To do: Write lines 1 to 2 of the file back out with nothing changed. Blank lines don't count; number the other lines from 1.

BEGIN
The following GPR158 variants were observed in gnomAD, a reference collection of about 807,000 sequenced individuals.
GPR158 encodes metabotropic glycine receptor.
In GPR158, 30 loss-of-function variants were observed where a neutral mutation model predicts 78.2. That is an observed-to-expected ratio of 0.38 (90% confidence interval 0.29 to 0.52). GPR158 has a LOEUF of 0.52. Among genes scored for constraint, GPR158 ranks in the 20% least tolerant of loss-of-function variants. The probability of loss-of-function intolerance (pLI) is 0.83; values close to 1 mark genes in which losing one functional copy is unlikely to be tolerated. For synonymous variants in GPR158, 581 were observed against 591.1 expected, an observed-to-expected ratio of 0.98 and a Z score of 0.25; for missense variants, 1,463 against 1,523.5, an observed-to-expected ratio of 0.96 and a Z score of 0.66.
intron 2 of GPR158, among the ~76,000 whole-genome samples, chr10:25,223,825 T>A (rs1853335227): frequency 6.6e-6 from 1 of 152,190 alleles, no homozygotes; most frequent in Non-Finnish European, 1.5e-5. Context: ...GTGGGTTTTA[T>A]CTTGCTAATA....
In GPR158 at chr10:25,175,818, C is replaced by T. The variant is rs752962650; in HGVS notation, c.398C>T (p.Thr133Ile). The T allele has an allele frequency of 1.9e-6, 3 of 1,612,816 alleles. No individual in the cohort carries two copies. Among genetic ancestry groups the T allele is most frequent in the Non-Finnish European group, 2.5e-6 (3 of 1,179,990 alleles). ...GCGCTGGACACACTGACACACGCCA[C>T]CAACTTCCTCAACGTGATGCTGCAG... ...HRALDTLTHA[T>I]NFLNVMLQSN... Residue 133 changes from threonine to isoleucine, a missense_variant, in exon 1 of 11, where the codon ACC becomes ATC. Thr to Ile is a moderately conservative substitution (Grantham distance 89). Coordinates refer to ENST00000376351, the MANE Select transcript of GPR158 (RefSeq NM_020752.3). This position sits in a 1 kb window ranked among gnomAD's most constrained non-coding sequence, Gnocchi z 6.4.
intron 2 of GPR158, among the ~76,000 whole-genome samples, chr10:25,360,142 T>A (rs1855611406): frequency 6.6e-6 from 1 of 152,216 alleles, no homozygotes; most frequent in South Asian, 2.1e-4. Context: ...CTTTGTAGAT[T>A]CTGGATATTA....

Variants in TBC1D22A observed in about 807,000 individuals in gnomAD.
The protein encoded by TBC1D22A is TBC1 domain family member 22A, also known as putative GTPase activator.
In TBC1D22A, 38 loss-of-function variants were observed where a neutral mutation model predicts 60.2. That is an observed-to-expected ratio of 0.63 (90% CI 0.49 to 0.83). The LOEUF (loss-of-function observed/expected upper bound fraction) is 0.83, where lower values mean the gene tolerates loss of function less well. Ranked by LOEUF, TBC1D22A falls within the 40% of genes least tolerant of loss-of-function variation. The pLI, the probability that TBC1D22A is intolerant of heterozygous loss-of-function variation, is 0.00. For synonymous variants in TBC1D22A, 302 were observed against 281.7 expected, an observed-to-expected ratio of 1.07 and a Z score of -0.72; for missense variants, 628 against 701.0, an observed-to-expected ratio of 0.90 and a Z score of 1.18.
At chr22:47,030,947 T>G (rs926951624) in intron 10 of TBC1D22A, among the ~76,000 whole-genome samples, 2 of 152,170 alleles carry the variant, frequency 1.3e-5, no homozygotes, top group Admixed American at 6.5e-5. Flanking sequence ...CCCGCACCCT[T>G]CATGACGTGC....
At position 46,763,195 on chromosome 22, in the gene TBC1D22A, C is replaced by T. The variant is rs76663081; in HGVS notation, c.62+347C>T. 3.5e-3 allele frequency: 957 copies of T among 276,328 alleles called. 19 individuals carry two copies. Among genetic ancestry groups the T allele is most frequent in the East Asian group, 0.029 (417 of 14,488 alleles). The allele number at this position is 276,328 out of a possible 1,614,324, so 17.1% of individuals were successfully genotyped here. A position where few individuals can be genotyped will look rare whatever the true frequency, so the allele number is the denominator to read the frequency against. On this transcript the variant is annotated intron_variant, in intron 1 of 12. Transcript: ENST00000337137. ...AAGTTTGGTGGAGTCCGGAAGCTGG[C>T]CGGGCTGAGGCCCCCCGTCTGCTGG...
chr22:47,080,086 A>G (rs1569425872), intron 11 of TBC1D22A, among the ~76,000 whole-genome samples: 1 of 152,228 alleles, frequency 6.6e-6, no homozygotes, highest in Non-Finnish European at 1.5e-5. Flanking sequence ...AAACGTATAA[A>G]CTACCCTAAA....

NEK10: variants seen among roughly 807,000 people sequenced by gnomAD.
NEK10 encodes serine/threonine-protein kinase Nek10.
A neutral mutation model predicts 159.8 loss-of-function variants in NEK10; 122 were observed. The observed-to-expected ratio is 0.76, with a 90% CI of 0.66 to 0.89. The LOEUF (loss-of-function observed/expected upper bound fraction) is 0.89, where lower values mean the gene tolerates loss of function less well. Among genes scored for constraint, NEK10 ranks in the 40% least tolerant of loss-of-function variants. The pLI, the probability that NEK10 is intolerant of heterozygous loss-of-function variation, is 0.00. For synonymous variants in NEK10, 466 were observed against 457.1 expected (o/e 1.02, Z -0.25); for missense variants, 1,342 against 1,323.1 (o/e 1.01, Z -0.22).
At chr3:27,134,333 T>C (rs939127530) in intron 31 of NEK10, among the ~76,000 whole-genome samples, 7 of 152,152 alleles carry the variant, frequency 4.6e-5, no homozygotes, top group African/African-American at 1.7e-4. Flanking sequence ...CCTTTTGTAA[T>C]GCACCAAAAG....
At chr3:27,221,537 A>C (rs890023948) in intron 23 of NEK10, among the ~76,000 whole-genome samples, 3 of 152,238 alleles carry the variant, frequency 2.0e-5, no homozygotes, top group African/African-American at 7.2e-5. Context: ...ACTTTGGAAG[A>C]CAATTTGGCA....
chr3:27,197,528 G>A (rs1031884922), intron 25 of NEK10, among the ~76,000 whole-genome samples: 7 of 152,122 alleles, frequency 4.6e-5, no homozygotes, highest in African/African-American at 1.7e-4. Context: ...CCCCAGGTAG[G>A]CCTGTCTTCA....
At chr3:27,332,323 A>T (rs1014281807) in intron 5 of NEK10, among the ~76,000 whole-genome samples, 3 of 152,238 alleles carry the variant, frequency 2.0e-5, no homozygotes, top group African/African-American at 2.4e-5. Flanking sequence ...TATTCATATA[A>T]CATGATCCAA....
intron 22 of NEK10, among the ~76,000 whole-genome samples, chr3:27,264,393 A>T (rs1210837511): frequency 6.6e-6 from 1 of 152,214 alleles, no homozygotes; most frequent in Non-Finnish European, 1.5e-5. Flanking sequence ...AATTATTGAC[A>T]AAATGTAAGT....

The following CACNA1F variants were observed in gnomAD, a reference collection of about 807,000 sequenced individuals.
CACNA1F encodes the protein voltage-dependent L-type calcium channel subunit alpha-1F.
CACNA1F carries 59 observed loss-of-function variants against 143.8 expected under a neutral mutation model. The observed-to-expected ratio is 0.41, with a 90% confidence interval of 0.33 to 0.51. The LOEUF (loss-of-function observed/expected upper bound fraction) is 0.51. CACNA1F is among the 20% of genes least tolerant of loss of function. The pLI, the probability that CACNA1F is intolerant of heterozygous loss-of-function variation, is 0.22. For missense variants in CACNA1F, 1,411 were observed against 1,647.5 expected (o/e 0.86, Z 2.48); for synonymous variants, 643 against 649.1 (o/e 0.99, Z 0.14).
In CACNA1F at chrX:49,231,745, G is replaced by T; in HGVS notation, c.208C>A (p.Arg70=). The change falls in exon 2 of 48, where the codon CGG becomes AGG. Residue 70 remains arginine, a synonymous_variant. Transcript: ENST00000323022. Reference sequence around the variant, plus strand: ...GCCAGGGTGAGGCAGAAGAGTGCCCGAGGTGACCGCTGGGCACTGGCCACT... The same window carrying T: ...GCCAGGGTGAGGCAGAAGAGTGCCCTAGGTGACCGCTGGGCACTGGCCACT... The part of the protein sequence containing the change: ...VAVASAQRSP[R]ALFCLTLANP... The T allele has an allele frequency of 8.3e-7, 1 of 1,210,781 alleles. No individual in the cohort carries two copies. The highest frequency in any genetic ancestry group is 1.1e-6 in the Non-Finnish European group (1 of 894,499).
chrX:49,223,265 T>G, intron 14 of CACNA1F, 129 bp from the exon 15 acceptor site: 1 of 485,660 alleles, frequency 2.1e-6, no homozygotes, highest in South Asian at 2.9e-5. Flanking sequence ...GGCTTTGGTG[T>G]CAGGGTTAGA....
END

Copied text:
The following GPR158 variants were observed in gnomAD, a reference collection of about 807,000 sequenced individuals.
GPR158 encodes metabotropic glycine receptor.